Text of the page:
Creating Positive Habits

The Cued Forward Team on

This post is one in a series of blogs for Cued Forward’s Back to School, Back to Learning Something New focus on learning something new for personal and professional development. This post is a 10-minute read.

Get more sleep.  Eat healthier.  Grow your career.  We all have positive goals we strive for in our personal and professional worlds, but unfortunately miss our success target. To help improve our chance at sustained positive change, we need to work on consciously developing a habit.  We often think of habits in terms of only the negative aspects of our lives, but in actuality, creating positive habits can eliminate life negativity and push us towards the development we seek.  Focused work on our habits can be a game changer that helps us achieve our goals.


A habit is a something done regularly as a result of frequent repetition.  According to a Duke University study, up to 45% of what we do every day isn’t a decision, but unconscious habits that we have formed.  Ever fill your cup of coffee first thing in the morning to walk away, come back, and try to fill it a second time?  That’s an unconscious habit.

Since many habits are unconscious, we have to direct our attention at creating a new habit to see results.  And even then, creating or changing habits is challenging.  Make a New Year’s Resolution you didn’t keep?  You’re not alone.  Ninety-two percent of New Year’s resolutions are unsuccessful.  But wait, don’t stop reading now.  Here are some tactics you can use to improve your chances at positive change using an acronym to help you remember: Stay SHARP about creating your positive habits.


Simplicity: Start small, really small.  Whether you want to change an existing habit or create a new one, take that habit and break it down further.  You need to see visible small wins and tackle one habit or a part of one habit at a time.  Could you imagine cutting back or giving up on caffeine when you are trying to start your MBA and get more sleep?  According to the Fogg Behavior Model, if a behavior is really easy, you will not need as much motivation and be more likely to do it, increasing your chances of forming the positive habit.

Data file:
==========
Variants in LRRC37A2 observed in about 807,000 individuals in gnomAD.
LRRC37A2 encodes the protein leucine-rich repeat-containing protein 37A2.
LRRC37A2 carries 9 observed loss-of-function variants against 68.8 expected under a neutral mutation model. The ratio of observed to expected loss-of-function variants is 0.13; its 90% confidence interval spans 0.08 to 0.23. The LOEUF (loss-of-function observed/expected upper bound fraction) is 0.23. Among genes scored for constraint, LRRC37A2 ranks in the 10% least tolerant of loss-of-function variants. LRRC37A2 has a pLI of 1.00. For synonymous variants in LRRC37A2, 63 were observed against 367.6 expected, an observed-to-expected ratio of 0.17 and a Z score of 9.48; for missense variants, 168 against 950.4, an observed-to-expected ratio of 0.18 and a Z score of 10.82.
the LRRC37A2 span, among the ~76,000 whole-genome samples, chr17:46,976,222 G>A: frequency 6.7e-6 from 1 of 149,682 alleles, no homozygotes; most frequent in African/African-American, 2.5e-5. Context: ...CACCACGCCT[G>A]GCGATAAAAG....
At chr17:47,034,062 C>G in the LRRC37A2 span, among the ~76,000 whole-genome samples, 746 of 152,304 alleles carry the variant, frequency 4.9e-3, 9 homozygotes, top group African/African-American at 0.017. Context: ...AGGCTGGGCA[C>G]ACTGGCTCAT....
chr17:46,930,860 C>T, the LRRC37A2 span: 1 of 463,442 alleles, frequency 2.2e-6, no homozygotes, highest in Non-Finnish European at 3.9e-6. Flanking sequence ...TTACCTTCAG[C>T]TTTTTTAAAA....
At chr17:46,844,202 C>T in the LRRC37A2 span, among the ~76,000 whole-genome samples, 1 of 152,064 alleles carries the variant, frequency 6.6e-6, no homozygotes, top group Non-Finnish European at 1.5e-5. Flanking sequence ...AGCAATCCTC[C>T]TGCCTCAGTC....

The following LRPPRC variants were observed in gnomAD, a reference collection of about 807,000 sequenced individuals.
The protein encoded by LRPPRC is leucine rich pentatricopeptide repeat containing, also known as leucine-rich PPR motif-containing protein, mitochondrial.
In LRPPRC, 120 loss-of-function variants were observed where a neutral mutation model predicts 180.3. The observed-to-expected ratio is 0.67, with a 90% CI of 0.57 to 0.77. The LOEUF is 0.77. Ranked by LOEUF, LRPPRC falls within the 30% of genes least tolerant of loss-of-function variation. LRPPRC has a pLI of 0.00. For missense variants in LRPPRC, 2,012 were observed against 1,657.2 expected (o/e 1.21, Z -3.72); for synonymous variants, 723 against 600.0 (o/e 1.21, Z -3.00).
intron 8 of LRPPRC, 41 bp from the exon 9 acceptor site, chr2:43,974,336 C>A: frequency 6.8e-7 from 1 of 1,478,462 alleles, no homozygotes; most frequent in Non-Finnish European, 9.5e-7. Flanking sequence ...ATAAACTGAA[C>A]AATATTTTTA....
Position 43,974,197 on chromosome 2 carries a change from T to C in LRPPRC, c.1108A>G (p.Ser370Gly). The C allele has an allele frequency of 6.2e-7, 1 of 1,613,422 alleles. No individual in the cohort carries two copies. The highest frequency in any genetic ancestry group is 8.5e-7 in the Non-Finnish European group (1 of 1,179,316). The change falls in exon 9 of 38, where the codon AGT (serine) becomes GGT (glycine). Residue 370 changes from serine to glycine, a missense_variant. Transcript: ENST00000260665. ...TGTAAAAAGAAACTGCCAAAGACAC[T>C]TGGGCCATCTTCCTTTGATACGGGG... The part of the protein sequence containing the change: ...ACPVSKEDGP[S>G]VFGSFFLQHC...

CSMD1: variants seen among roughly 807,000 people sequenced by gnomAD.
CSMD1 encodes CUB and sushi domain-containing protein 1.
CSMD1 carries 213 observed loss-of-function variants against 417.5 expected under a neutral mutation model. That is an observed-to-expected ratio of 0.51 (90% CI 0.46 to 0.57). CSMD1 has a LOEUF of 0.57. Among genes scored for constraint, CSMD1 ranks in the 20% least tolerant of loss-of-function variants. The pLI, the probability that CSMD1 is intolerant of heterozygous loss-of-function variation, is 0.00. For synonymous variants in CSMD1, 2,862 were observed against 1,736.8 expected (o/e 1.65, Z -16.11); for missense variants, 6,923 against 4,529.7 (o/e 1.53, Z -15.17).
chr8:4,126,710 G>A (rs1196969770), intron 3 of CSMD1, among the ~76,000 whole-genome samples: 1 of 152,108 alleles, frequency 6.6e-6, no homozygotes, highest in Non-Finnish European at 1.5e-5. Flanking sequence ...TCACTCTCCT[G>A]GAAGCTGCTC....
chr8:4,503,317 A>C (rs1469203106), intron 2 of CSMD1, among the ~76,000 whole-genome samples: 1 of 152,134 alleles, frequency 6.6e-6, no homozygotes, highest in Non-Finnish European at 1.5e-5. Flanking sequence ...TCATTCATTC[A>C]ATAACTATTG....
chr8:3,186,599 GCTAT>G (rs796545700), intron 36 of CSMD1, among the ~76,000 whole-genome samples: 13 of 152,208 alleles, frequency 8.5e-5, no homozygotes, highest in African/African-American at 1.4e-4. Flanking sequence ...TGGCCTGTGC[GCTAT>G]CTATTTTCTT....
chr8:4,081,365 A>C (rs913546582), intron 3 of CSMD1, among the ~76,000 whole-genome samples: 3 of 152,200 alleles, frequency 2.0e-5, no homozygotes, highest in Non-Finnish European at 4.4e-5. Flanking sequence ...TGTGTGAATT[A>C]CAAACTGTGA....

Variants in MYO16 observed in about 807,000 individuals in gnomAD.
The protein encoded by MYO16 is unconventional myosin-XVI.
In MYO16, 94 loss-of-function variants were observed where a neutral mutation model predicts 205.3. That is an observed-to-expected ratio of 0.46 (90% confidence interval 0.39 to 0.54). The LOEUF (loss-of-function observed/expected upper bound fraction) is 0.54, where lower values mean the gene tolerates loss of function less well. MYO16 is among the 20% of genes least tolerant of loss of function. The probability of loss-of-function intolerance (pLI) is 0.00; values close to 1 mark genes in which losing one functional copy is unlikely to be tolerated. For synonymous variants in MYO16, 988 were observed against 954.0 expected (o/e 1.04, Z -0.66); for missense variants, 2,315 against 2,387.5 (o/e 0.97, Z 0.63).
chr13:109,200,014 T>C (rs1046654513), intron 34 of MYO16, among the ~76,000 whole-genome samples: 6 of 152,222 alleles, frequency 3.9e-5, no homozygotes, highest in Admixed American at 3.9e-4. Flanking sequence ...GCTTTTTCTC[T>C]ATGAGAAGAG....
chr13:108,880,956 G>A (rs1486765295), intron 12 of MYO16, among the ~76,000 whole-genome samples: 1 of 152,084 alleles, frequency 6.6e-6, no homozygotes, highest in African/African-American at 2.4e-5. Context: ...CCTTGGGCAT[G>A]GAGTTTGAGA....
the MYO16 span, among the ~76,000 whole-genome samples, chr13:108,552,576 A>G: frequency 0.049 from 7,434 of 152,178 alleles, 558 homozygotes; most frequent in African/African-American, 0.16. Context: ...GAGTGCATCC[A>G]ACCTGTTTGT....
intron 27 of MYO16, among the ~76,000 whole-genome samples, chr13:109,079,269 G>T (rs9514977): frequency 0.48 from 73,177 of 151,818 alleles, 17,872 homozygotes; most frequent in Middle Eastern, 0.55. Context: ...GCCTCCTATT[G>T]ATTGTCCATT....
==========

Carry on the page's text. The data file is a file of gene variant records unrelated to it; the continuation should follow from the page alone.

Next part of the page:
Some smaller habits that you may want to tackle to improve your health are moving hourly, eating healthy snacks, or creating a personal mantra to reduce stress.  Starting points to help your professional side include a 5-minute end of the day review (accomplishments and opportunities), allowing yourself a time-out during the day, and a dedicated time each week to work on career development (reading blogs, watching business-related web content, listen to podcasts, network with others).

Some research shows that a habit takes about twenty-one days to form. According to Grace Lichtenstein, coach and psychotherapist, who works with individuals wanting to make habit-changes in their lives, says that the number of days to habit formation is much higher. Her experience and additional research has shown that habit formation takes a minimum of sixty-six days. Whatever the exact number, as Ms. Lichtenstein discusses with her clients, give yourself the time you need to create the positive habit.  You can’t force it and it is not a quick fix.

Harness: Creating a positive habit takes a lot of energy.  Harness your energy into finding steps that will support what you are trying to do before you start doing it.  If you are trying to stop smoking, identify substitutes that you might use so you do not pick up a cigarette ahead of time.  If you are trying to improve your networking skills, identify events to attend ahead of time and get them on your calendar.  If you harness your energy with up-front work, you will save energy and stress when you need to try to come up with options on the fly.  Preparation for working on your habit, including choosing a start date are key to conserving your energy and focus in the long run.